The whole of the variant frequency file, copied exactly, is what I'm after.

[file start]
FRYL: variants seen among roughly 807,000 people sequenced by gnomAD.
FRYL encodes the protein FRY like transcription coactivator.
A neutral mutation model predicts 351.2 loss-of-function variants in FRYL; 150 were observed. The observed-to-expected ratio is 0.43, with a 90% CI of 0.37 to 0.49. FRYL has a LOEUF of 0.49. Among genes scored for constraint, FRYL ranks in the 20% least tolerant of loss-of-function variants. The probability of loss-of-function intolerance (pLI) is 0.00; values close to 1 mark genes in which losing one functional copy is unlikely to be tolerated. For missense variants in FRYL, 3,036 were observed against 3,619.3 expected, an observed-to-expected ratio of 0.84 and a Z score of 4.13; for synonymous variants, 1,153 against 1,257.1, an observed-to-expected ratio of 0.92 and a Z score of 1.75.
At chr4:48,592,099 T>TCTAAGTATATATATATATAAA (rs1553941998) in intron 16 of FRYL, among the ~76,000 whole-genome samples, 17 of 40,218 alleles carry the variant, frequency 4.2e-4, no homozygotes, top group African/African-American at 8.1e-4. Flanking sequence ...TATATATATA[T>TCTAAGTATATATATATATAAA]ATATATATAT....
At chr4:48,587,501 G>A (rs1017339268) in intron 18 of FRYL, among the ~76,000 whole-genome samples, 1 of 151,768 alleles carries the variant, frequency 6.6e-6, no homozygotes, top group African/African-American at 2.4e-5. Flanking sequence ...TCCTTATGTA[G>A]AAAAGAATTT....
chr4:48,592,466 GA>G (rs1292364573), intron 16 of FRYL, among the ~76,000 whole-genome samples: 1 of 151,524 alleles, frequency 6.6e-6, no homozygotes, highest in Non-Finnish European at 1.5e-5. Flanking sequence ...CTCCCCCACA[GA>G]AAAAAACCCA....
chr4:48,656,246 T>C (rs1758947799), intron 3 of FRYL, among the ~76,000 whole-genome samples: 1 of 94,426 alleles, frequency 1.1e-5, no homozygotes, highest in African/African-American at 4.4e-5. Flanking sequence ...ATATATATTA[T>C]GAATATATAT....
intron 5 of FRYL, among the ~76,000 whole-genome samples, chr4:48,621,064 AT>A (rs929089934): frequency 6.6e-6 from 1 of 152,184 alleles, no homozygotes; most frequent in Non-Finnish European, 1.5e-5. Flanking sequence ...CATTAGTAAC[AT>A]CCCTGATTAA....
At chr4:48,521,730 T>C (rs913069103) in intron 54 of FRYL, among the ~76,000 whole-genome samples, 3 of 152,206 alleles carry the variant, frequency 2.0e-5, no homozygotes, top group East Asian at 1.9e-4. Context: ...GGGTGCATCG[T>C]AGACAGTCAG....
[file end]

FRYL: variants seen among roughly 807,000 people sequenced by gnomAD.
FRYL encodes the protein FRY like transcription coactivator.
A neutral mutation model predicts 351.2 loss-of-function variants in FRYL; 150 were observed. The observed-to-expected ratio is 0.43, with a 90% CI of 0.37 to 0.49. FRYL has a LOEUF of 0.49. Among genes scored for constraint, FRYL ranks in the 20% least tolerant of loss-of-function variants. The probability of loss-of-function intolerance (pLI) is 0.00; values close to 1 mark genes in which losing one functional copy is unlikely to be tolerated. For missense variants in FRYL, 3,036 were observed against 3,619.3 expected, an observed-to-expected ratio of 0.84 and a Z score of 4.13; for synonymous variants, 1,153 against 1,257.1, an observed-to-expected ratio of 0.92 and a Z score of 1.75.
At chr4:48,592,099 T>TCTAAGTATATATATATATAAA (rs1553941998) in intron 16 of FRYL, among the ~76,000 whole-genome samples, 17 of 40,218 alleles carry the variant, frequency 4.2e-4, no homozygotes, top group African/African-American at 8.1e-4. Flanking sequence ...TATATATATA[T>TCTAAGTATATATATATATAAA]ATATATATAT....
At chr4:48,587,501 G>A (rs1017339268) in intron 18 of FRYL, among the ~76,000 whole-genome samples, 1 of 151,768 alleles carries the variant, frequency 6.6e-6, no homozygotes, top group African/African-American at 2.4e-5. Flanking sequence ...TCCTTATGTA[G>A]AAAAGAATTT....
chr4:48,592,466 GA>G (rs1292364573), intron 16 of FRYL, among the ~76,000 whole-genome samples: 1 of 151,524 alleles, frequency 6.6e-6, no homozygotes, highest in Non-Finnish European at 1.5e-5. Flanking sequence ...CTCCCCCACA[GA>G]AAAAAACCCA....
chr4:48,656,246 T>C (rs1758947799), intron 3 of FRYL, among the ~76,000 whole-genome samples: 1 of 94,426 alleles, frequency 1.1e-5, no homozygotes, highest in African/African-American at 4.4e-5. Flanking sequence ...ATATATATTA[T>C]GAATATATAT....
intron 5 of FRYL, among the ~76,000 whole-genome samples, chr4:48,621,064 AT>A (rs929089934): frequency 6.6e-6 from 1 of 152,184 alleles, no homozygotes; most frequent in Non-Finnish European, 1.5e-5. Flanking sequence ...CATTAGTAAC[AT>A]CCCTGATTAA....
At chr4:48,521,730 T>C (rs913069103) in intron 54 of FRYL, among the ~76,000 whole-genome samples, 3 of 152,206 alleles carry the variant, frequency 2.0e-5, no homozygotes, top group East Asian at 1.9e-4. Context: ...GGGTGCATCG[T>C]AGACAGTCAG....